Planning for extra costs when buying a home

When it comes to buying a home, the mortgage may be just the beginning of your costs. From insurance to inspections and beyond, get to know all of the expenses associated with buying a new home.

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Whether you’re a first time homeowner, or you’re refinancing, it’s always good to have a plan for the extra costs that can come with your new mortgage.

When you're buying a home, there are all kinds of costs to consider. Some you may be aware of and others might be less obvious. The most common one is your down payment. The more you put down the better. In fact, a great money habit is to put 20% of the cost of the home down. Because not only will it help you get a better interest rate and lower your monthly payments. It will also prevent you from having to pay for what's called Private Mortgage Insurance, or PMI. PMI is a type of insurance that lenders require you to pay if you don't have 20% to put down. It protects them if you default on your loan. And it doesn't come cheap. PMI can end up costing you around 2% of your total loan amount depending on how much you put down. This payment can be required upfront, or is sometimes rolled into your monthly mortgage payment as an additional monthly fee. The good news is that with some loans, you won't have to pay PMI forever. But you should check with your lender for more details on that.

If you don't have 20% to put down- it's worth noting that there are other options, like government programs. But whatever plan you choose- it's a good idea to carefully consider all of the costs associated with your decision before you make your move.

Another thing to plan for is closing costs. That can include things like title insurance, appraisals, and attorney fees. Closing costs can run you an additional 3% to 7% of the total loan amount and that’s also on top of your down payment, so be aware. And let’s not forget about those unanticipated expenses like increased energy costs, new appliances, homeowner’s association fees, or simply the cost to keep your yard looking nice. So make sure you’re prepared to budget for all of these things. It’s also not a bad idea to start an emergency fund, just in case something pops up that you weren’t expecting.

Knowing and understanding the extra costs that come along with a new mortgage can help you make a more informed decision when it comes to home ownership.

Whether you’re a first time homeowner, or you’re refinancing, it’s always good to have a plan for the extra costs that can come with your new mortgage.

When you're buying a home, there are all kinds of costs to consider. Some you may be aware of and others might be less obvious. The most common one is your down payment. The more you put down the better. In fact, a great money habit is to put 20% of the cost of the home down. Because not only will it help you get a better interest rate and lower your monthly payments. It will also prevent you from having to pay for what's called Private Mortgage Insurance, or PMI. PMI is a type of insurance that lenders require you to pay if you don't have 20% to put down. It protects them if you default on your loan. And it doesn't come cheap. PMI can end up costing you around 2% of your total loan amount depending on how much you put down. This payment can be required upfront, or is sometimes rolled into your monthly mortgage payment as an additional monthly fee. The good news is that with some loans, you won't have to pay PMI forever. But you should check with your lender for more details on that.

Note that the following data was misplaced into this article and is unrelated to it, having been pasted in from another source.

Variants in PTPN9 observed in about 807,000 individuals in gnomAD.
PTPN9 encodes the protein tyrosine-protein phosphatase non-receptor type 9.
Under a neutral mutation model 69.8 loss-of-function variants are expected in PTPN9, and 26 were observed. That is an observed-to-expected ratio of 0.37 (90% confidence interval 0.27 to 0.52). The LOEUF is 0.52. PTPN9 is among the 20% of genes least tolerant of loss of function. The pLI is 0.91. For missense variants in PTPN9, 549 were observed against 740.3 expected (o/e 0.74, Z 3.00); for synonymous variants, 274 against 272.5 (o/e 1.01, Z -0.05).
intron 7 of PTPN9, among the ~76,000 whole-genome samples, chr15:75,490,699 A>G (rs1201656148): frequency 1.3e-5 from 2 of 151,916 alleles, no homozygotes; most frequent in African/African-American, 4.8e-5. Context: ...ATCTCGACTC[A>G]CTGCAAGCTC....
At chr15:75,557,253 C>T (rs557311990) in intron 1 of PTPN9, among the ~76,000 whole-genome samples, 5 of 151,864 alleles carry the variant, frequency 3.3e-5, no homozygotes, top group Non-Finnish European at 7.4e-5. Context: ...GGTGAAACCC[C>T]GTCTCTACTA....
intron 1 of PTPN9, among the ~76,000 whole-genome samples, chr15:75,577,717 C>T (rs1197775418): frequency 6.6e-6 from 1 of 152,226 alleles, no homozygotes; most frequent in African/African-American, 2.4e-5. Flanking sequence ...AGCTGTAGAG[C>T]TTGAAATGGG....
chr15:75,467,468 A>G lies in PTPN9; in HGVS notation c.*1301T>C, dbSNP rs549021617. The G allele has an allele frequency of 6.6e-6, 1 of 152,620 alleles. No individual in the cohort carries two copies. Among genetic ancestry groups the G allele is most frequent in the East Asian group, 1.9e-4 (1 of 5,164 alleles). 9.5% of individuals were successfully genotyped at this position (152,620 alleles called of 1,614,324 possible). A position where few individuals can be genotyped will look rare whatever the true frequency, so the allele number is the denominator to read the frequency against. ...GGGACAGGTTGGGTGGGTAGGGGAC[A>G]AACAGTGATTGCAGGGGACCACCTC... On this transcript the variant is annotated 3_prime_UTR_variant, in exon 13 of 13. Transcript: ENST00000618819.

If you don't have 20% to put down- it's worth noting that there are other options, like government programs. But whatever plan you choose- it's a good idea to carefully consider all of the costs associated with your decision before you make your move.

Another thing to plan for is closing costs. That can include things like title insurance, appraisals, and attorney fees. Closing costs can run you an additional 3% to 7% of the total loan amount and that’s also on top of your down payment, so be aware. And let’s not forget about those unanticipated expenses like increased energy costs, new appliances, homeowner’s association fees, or simply the cost to keep your yard looking nice. So make sure you’re prepared to budget for all of these things. It’s also not a bad idea to start an emergency fund, just in case something pops up that you weren’t expecting.

Knowing and understanding the extra costs that come along with a new mortgage can help you make a more informed decision when it comes to home ownership.

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